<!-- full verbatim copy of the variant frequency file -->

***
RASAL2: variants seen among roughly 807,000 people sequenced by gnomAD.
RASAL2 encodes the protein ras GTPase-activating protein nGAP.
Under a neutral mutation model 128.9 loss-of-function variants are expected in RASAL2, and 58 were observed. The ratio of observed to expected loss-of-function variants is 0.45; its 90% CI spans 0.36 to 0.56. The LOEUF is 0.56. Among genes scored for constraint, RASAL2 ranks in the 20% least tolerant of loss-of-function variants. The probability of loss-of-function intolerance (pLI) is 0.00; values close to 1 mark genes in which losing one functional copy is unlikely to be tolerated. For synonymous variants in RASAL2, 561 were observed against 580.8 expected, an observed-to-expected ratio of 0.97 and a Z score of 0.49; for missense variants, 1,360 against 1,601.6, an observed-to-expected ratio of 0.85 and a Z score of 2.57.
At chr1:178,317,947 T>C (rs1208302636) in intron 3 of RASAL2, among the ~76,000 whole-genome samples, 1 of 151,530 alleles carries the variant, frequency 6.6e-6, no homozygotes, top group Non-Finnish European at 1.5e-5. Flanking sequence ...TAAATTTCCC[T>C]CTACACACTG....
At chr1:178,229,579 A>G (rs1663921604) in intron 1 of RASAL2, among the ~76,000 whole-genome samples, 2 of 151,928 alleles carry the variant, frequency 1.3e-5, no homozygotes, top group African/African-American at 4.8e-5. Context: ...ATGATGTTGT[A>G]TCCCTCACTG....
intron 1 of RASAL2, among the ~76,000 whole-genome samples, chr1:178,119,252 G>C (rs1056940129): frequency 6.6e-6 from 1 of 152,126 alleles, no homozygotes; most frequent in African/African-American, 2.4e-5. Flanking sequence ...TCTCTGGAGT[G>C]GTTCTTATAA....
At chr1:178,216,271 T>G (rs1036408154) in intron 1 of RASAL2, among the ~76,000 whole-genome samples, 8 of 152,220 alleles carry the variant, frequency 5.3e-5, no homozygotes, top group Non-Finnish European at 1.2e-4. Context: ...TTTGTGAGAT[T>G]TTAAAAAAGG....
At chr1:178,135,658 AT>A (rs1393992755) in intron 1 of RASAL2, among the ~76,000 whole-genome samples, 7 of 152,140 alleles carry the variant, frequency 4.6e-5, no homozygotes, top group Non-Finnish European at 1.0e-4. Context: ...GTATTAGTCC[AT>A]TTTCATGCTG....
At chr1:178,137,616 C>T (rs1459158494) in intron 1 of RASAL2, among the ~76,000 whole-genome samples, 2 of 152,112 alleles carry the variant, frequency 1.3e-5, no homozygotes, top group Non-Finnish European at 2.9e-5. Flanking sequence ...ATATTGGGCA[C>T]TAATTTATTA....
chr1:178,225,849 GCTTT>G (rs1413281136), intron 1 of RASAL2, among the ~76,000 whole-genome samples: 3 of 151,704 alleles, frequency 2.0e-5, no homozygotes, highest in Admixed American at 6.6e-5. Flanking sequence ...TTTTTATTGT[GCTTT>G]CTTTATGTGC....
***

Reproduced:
RASAL2: variants seen among roughly 807,000 people sequenced by gnomAD.
RASAL2 encodes the protein ras GTPase-activating protein nGAP.
Under a neutral mutation model 128.9 loss-of-function variants are expected in RASAL2, and 58 were observed. The ratio of observed to expected loss-of-function variants is 0.45; its 90% CI spans 0.36 to 0.56. The LOEUF is 0.56. Among genes scored for constraint, RASAL2 ranks in the 20% least tolerant of loss-of-function variants. The probability of loss-of-function intolerance (pLI) is 0.00; values close to 1 mark genes in which losing one functional copy is unlikely to be tolerated. For synonymous variants in RASAL2, 561 were observed against 580.8 expected, an observed-to-expected ratio of 0.97 and a Z score of 0.49; for missense variants, 1,360 against 1,601.6, an observed-to-expected ratio of 0.85 and a Z score of 2.57.
At chr1:178,317,947 T>C (rs1208302636) in intron 3 of RASAL2, among the ~76,000 whole-genome samples, 1 of 151,530 alleles carries the variant, frequency 6.6e-6, no homozygotes, top group Non-Finnish European at 1.5e-5. Flanking sequence ...TAAATTTCCC[T>C]CTACACACTG....
At chr1:178,229,579 A>G (rs1663921604) in intron 1 of RASAL2, among the ~76,000 whole-genome samples, 2 of 151,928 alleles carry the variant, frequency 1.3e-5, no homozygotes, top group African/African-American at 4.8e-5. Context: ...ATGATGTTGT[A>G]TCCCTCACTG....
intron 1 of RASAL2, among the ~76,000 whole-genome samples, chr1:178,119,252 G>C (rs1056940129): frequency 6.6e-6 from 1 of 152,126 alleles, no homozygotes; most frequent in African/African-American, 2.4e-5. Flanking sequence ...TCTCTGGAGT[G>C]GTTCTTATAA....
At chr1:178,216,271 T>G (rs1036408154) in intron 1 of RASAL2, among the ~76,000 whole-genome samples, 8 of 152,220 alleles carry the variant, frequency 5.3e-5, no homozygotes, top group Non-Finnish European at 1.2e-4. Context: ...TTTGTGAGAT[T>G]TTAAAAAAGG....
At chr1:178,135,658 AT>A (rs1393992755) in intron 1 of RASAL2, among the ~76,000 whole-genome samples, 7 of 152,140 alleles carry the variant, frequency 4.6e-5, no homozygotes, top group Non-Finnish European at 1.0e-4. Context: ...GTATTAGTCC[AT>A]TTTCATGCTG....
At chr1:178,137,616 C>T (rs1459158494) in intron 1 of RASAL2, among the ~76,000 whole-genome samples, 2 of 152,112 alleles carry the variant, frequency 1.3e-5, no homozygotes, top group Non-Finnish European at 2.9e-5. Flanking sequence ...ATATTGGGCA[C>T]TAATTTATTA....
chr1:178,225,849 GCTTT>G (rs1413281136), intron 1 of RASAL2, among the ~76,000 whole-genome samples: 3 of 151,704 alleles, frequency 2.0e-5, no homozygotes, highest in Admixed American at 6.6e-5. Flanking sequence ...TTTTTATTGT[GCTTT>G]CTTTATGTGC....